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4 Things Leonardo da Vinci Invented That We Still Use Today

Leonardo da Vinci was the ultimate Renaissance man — literally and figuratively. Not only did he live during the Renaissance, but during that period, da Vinci made many major achievements across a variety of disciplines, including art and science. While most well-known for his painting skills, which produced such masterpieces as the Mona Lisa” and The Last Supper,” da Vinci is also credited with conceptualizing several life-changing inventions. Although the potential of many of his creations wasn’t fully recognized during his lifetime, his ideas are often credited with paving the way for products we still use today. Here are five of da Vinci’s inventions that have made a major impact.

Ball Bearing

Close up photo of the inner mechanism of a ball bearing
Credit: nantonov/ iStock

Da Vinci created the ball bearing at the end of the 15th century. Ball bearings allow for smooth movement of mechanical devices by reducing the friction between surfaces. While a ball bearing may not seem like a super compelling invention, it is a useful one. For example, in cars, ball bearings help the wheels rotate smoothly. In combustion engines, ball bearings help reduce fuel consumption.

Diving Gear

Old diving suit
Credit: doubleus/ iStock

Da Vinci didn’t embrace just different artistic disciplines, but different elements, too. In addition to creating blueprints for flying machines and parachutes, he also came up with a design for a suit to be worn by soldiers planning stealthy attacks on enemy ships.

His design was for a suit made of leather with a bag-like mask to be worn over a diver’s head. Two tubes were attached to the nostrils at one end and to a floating diving bell above the surface at the other, to let air in. The mask also had a balloon that could either inflate or deflate, so divers could sink or rise on command. While the design didn’t become well-known until after da Vinci's death, today’s diving suits bear more than a passing resemblance to his original vision.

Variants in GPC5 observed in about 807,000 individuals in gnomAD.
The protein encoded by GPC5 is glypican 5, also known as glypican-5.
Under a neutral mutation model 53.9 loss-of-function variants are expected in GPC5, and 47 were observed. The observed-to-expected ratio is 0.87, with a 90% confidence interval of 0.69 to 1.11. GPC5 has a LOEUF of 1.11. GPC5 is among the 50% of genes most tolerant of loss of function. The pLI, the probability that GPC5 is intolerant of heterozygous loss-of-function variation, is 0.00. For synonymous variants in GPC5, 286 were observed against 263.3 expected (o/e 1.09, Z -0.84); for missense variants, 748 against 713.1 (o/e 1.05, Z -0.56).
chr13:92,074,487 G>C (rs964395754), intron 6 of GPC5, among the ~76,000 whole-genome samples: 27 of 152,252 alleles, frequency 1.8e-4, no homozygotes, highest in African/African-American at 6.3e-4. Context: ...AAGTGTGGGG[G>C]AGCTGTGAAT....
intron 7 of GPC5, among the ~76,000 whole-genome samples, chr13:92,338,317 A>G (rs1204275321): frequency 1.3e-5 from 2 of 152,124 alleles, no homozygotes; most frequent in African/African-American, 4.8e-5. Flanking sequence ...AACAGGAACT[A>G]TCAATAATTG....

Photo of a parachute over the ocean with a boat in the background
Credit: Ishan @seefromthesky/ Unsplash

The parachute as we know it today is largely credited to Sebastien Lenormand’s 1783 creation. However, da Vinci came up with the idea a couple of centuries earlier. On his sketch, dated 1483, he noted, "If a man have a tent made of linen of which the apertures [openings] have all been stopped up, and it be twelve braccia [about 23 feet] across and twelve in depth, he will be able to throw himself down from any great height without suffering any injury."

Of course, da Vinci’s design had issues. For one, it was made with linen on a wood frame, and the weight of that wood could have been an impediment to a smooth descent. Still, the basic concept of the parachute is clearly displayed in his drawing.


Photo of an old suit of armor next to gears and other mechanisms
Credit: Erik Möller/ Public Domain

While it would be hundreds of years after da Vinci's time before robots hit the mass market, the artist is said to have made a beta version as early as the 1490s. He created a robotic knight that was operated by levers and pulleys and mimicked human movement. His early version made such an impact that today, there's a robotic surgery named in his honor. The da Vinci surgical system made history in 2000 as the first robotic surgery system to be approved by the FDA. While not actually a robot, the robotic-assisted system emulates a doctor’s hand movement while performing a procedure and helps keep complex surgeries minimally invasive.

Featured image credit: iPhotographer62/ iStock

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